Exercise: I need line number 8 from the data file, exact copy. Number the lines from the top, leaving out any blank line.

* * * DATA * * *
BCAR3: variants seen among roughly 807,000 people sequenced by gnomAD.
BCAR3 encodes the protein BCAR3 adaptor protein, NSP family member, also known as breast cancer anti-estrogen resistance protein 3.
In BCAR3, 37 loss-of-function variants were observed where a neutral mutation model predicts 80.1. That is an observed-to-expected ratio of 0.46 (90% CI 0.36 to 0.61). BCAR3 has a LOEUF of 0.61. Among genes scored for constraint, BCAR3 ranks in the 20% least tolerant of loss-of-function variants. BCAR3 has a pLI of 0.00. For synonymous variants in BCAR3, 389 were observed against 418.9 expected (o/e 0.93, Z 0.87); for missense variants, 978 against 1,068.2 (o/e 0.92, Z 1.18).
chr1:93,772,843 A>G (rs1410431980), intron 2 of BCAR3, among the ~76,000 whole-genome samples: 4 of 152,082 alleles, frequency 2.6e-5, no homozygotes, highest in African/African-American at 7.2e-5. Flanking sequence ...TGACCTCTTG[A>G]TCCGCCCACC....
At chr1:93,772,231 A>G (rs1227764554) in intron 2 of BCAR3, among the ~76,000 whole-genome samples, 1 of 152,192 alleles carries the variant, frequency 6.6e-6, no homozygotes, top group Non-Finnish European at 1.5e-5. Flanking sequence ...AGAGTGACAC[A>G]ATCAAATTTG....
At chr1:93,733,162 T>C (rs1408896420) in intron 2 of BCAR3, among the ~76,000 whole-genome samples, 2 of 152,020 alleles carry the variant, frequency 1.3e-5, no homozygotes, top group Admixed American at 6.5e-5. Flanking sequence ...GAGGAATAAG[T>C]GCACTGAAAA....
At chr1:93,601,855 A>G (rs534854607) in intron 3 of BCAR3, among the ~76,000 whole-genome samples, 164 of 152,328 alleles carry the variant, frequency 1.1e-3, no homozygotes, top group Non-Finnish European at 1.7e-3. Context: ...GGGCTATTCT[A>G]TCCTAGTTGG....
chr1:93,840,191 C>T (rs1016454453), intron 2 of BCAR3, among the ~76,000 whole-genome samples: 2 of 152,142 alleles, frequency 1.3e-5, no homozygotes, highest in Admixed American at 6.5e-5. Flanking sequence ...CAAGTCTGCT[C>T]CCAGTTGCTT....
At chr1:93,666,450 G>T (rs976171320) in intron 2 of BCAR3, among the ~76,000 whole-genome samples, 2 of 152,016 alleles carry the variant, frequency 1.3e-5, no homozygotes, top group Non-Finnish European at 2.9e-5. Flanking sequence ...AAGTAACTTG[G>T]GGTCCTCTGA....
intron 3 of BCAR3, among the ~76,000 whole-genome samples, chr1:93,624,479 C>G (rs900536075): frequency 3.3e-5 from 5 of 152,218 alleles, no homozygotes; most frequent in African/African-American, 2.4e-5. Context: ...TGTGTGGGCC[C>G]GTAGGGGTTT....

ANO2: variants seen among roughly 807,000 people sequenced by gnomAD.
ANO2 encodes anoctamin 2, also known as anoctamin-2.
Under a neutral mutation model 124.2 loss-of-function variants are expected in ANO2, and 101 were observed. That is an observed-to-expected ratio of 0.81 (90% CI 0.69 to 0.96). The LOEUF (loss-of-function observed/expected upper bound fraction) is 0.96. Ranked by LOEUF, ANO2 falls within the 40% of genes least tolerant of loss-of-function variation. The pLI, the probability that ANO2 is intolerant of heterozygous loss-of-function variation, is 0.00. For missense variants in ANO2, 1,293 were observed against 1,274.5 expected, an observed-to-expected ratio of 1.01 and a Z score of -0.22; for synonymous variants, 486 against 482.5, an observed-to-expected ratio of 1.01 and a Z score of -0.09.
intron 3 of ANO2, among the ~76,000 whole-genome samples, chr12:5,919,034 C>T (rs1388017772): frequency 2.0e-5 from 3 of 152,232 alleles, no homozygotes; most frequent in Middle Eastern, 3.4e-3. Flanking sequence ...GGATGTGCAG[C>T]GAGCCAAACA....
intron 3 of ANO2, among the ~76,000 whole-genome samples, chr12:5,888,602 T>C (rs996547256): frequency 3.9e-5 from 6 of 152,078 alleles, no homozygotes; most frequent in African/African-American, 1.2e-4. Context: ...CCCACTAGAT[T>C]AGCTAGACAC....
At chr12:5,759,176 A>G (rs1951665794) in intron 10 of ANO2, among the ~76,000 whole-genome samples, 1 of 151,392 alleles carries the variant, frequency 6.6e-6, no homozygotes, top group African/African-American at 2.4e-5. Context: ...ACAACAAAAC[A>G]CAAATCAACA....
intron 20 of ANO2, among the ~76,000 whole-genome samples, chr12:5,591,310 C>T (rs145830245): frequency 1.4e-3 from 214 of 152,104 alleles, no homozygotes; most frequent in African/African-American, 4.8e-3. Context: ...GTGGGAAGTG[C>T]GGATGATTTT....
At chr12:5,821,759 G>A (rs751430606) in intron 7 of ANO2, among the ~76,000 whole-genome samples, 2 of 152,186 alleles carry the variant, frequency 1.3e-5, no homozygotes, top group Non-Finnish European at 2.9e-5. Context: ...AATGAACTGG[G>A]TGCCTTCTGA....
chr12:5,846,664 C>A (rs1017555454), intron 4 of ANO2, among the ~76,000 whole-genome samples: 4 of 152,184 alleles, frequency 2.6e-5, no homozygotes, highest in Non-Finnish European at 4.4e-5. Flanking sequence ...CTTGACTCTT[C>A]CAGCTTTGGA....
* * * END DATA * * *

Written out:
chr1:93,840,191 C>T (rs1016454453), intron 2 of BCAR3, among the ~76,000 whole-genome samples: 2 of 152,142 alleles, frequency 1.3e-5, no homozygotes, highest in Admixed American at 6.5e-5. Flanking sequence ...CAAGTCTGCT[C>T]CCAGTTGCTT....